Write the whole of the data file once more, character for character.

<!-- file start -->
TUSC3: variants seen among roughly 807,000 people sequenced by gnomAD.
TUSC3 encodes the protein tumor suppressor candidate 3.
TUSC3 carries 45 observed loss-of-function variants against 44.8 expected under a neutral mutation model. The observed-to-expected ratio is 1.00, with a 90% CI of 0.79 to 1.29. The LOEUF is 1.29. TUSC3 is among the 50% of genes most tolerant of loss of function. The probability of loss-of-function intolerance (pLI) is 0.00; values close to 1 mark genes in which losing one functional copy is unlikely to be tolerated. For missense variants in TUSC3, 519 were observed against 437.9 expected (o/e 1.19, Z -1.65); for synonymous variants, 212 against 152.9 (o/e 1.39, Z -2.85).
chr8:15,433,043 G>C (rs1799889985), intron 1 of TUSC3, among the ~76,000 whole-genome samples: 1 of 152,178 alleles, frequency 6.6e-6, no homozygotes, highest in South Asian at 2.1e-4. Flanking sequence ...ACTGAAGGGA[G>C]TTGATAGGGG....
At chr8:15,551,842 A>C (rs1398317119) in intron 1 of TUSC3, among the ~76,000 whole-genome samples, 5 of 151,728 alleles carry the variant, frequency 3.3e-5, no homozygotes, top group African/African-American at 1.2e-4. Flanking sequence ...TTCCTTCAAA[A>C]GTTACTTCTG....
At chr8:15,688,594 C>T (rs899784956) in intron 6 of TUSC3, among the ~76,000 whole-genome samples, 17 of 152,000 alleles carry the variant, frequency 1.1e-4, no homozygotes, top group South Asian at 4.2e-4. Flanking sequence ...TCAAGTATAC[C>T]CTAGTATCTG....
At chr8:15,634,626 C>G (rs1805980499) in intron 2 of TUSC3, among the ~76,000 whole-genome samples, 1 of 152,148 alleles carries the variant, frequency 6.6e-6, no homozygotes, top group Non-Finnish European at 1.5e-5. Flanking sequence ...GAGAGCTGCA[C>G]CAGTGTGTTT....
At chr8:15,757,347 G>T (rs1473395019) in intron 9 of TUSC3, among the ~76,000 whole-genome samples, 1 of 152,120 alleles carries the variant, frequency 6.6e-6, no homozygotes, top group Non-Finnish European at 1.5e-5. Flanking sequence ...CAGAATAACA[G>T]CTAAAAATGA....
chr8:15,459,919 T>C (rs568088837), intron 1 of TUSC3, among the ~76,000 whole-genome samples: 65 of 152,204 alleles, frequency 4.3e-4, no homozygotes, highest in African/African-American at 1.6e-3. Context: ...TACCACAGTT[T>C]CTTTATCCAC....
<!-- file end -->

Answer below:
TUSC3: variants seen among roughly 807,000 people sequenced by gnomAD.
TUSC3 encodes the protein tumor suppressor candidate 3.
TUSC3 carries 45 observed loss-of-function variants against 44.8 expected under a neutral mutation model. The observed-to-expected ratio is 1.00, with a 90% CI of 0.79 to 1.29. The LOEUF is 1.29. TUSC3 is among the 50% of genes most tolerant of loss of function. The probability of loss-of-function intolerance (pLI) is 0.00; values close to 1 mark genes in which losing one functional copy is unlikely to be tolerated. For missense variants in TUSC3, 519 were observed against 437.9 expected (o/e 1.19, Z -1.65); for synonymous variants, 212 against 152.9 (o/e 1.39, Z -2.85).
chr8:15,433,043 G>C (rs1799889985), intron 1 of TUSC3, among the ~76,000 whole-genome samples: 1 of 152,178 alleles, frequency 6.6e-6, no homozygotes, highest in South Asian at 2.1e-4. Flanking sequence ...ACTGAAGGGA[G>C]TTGATAGGGG....
At chr8:15,551,842 A>C (rs1398317119) in intron 1 of TUSC3, among the ~76,000 whole-genome samples, 5 of 151,728 alleles carry the variant, frequency 3.3e-5, no homozygotes, top group African/African-American at 1.2e-4. Flanking sequence ...TTCCTTCAAA[A>C]GTTACTTCTG....
At chr8:15,688,594 C>T (rs899784956) in intron 6 of TUSC3, among the ~76,000 whole-genome samples, 17 of 152,000 alleles carry the variant, frequency 1.1e-4, no homozygotes, top group South Asian at 4.2e-4. Flanking sequence ...TCAAGTATAC[C>T]CTAGTATCTG....
At chr8:15,634,626 C>G (rs1805980499) in intron 2 of TUSC3, among the ~76,000 whole-genome samples, 1 of 152,148 alleles carries the variant, frequency 6.6e-6, no homozygotes, top group Non-Finnish European at 1.5e-5. Flanking sequence ...GAGAGCTGCA[C>G]CAGTGTGTTT....
At chr8:15,757,347 G>T (rs1473395019) in intron 9 of TUSC3, among the ~76,000 whole-genome samples, 1 of 152,120 alleles carries the variant, frequency 6.6e-6, no homozygotes, top group Non-Finnish European at 1.5e-5. Flanking sequence ...CAGAATAACA[G>T]CTAAAAATGA....
chr8:15,459,919 T>C (rs568088837), intron 1 of TUSC3, among the ~76,000 whole-genome samples: 65 of 152,204 alleles, frequency 4.3e-4, no homozygotes, highest in African/African-American at 1.6e-3. Context: ...TACCACAGTT[T>C]CTTTATCCAC....